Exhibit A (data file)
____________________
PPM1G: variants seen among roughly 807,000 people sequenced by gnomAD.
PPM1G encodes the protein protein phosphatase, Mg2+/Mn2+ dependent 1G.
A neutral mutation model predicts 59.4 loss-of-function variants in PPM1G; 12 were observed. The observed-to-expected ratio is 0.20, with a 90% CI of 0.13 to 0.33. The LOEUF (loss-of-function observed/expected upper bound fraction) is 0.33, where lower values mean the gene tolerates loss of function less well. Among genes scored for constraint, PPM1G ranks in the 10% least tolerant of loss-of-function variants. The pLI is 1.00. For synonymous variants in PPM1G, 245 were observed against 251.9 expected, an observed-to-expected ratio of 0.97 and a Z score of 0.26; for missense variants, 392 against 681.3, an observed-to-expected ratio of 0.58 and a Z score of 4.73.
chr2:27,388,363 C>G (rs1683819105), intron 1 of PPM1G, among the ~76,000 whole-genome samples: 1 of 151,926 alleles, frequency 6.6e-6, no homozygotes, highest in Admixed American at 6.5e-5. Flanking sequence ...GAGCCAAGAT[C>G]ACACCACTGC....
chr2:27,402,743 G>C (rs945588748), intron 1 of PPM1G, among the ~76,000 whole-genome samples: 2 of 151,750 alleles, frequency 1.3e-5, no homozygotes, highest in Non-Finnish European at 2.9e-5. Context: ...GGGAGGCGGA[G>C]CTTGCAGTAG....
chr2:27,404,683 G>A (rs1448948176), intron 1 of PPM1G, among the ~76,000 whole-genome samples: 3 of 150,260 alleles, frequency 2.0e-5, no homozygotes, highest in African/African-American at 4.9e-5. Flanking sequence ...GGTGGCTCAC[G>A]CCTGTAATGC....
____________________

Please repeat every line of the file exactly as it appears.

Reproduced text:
PPM1G: variants seen among roughly 807,000 people sequenced by gnomAD.
PPM1G encodes the protein protein phosphatase, Mg2+/Mn2+ dependent 1G.
A neutral mutation model predicts 59.4 loss-of-function variants in PPM1G; 12 were observed. The observed-to-expected ratio is 0.20, with a 90% CI of 0.13 to 0.33. The LOEUF (loss-of-function observed/expected upper bound fraction) is 0.33, where lower values mean the gene tolerates loss of function less well. Among genes scored for constraint, PPM1G ranks in the 10% least tolerant of loss-of-function variants. The pLI is 1.00. For synonymous variants in PPM1G, 245 were observed against 251.9 expected, an observed-to-expected ratio of 0.97 and a Z score of 0.26; for missense variants, 392 against 681.3, an observed-to-expected ratio of 0.58 and a Z score of 4.73.
chr2:27,388,363 C>G (rs1683819105), intron 1 of PPM1G, among the ~76,000 whole-genome samples: 1 of 151,926 alleles, frequency 6.6e-6, no homozygotes, highest in Admixed American at 6.5e-5. Flanking sequence ...GAGCCAAGAT[C>G]ACACCACTGC....
chr2:27,402,743 G>C (rs945588748), intron 1 of PPM1G, among the ~76,000 whole-genome samples: 2 of 151,750 alleles, frequency 1.3e-5, no homozygotes, highest in Non-Finnish European at 2.9e-5. Context: ...GGGAGGCGGA[G>C]CTTGCAGTAG....
chr2:27,404,683 G>A (rs1448948176), intron 1 of PPM1G, among the ~76,000 whole-genome samples: 3 of 150,260 alleles, frequency 2.0e-5, no homozygotes, highest in African/African-American at 4.9e-5. Flanking sequence ...GGTGGCTCAC[G>A]CCTGTAATGC....